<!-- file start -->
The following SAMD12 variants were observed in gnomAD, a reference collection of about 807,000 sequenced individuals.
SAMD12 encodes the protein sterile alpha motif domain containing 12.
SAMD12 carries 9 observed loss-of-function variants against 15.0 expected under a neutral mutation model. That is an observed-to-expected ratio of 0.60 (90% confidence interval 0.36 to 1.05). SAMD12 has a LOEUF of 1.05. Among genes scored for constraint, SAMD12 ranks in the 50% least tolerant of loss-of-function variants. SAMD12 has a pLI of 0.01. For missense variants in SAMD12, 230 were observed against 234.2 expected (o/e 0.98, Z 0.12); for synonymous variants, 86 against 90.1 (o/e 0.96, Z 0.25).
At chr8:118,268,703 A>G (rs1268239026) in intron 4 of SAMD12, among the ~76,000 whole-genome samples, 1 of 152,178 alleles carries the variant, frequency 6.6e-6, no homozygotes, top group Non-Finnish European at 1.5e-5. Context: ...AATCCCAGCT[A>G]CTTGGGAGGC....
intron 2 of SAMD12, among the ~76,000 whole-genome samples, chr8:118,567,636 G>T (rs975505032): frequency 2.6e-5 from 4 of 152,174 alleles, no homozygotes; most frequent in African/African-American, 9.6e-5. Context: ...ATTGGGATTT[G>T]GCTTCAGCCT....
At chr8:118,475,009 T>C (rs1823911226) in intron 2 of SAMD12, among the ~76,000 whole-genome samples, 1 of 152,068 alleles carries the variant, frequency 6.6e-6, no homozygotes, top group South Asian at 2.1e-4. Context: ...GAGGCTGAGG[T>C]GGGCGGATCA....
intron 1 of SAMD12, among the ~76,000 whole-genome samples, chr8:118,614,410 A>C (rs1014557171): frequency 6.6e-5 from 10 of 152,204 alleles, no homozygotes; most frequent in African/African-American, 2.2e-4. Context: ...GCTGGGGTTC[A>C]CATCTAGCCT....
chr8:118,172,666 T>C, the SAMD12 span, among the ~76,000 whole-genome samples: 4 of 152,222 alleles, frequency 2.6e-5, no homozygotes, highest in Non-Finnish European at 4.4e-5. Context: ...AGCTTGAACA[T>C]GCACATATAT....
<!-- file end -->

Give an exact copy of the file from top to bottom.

The following SAMD12 variants were observed in gnomAD, a reference collection of about 807,000 sequenced individuals.
SAMD12 encodes the protein sterile alpha motif domain containing 12.
SAMD12 carries 9 observed loss-of-function variants against 15.0 expected under a neutral mutation model. That is an observed-to-expected ratio of 0.60 (90% confidence interval 0.36 to 1.05). SAMD12 has a LOEUF of 1.05. Among genes scored for constraint, SAMD12 ranks in the 50% least tolerant of loss-of-function variants. SAMD12 has a pLI of 0.01. For missense variants in SAMD12, 230 were observed against 234.2 expected (o/e 0.98, Z 0.12); for synonymous variants, 86 against 90.1 (o/e 0.96, Z 0.25).
At chr8:118,268,703 A>G (rs1268239026) in intron 4 of SAMD12, among the ~76,000 whole-genome samples, 1 of 152,178 alleles carries the variant, frequency 6.6e-6, no homozygotes, top group Non-Finnish European at 1.5e-5. Context: ...AATCCCAGCT[A>G]CTTGGGAGGC....
intron 2 of SAMD12, among the ~76,000 whole-genome samples, chr8:118,567,636 G>T (rs975505032): frequency 2.6e-5 from 4 of 152,174 alleles, no homozygotes; most frequent in African/African-American, 9.6e-5. Context: ...ATTGGGATTT[G>T]GCTTCAGCCT....
At chr8:118,475,009 T>C (rs1823911226) in intron 2 of SAMD12, among the ~76,000 whole-genome samples, 1 of 152,068 alleles carries the variant, frequency 6.6e-6, no homozygotes, top group South Asian at 2.1e-4. Context: ...GAGGCTGAGG[T>C]GGGCGGATCA....
intron 1 of SAMD12, among the ~76,000 whole-genome samples, chr8:118,614,410 A>C (rs1014557171): frequency 6.6e-5 from 10 of 152,204 alleles, no homozygotes; most frequent in African/African-American, 2.2e-4. Context: ...GCTGGGGTTC[A>C]CATCTAGCCT....
chr8:118,172,666 T>C, the SAMD12 span, among the ~76,000 whole-genome samples: 4 of 152,222 alleles, frequency 2.6e-5, no homozygotes, highest in Non-Finnish European at 4.4e-5. Context: ...AGCTTGAACA[T>C]GCACATATAT....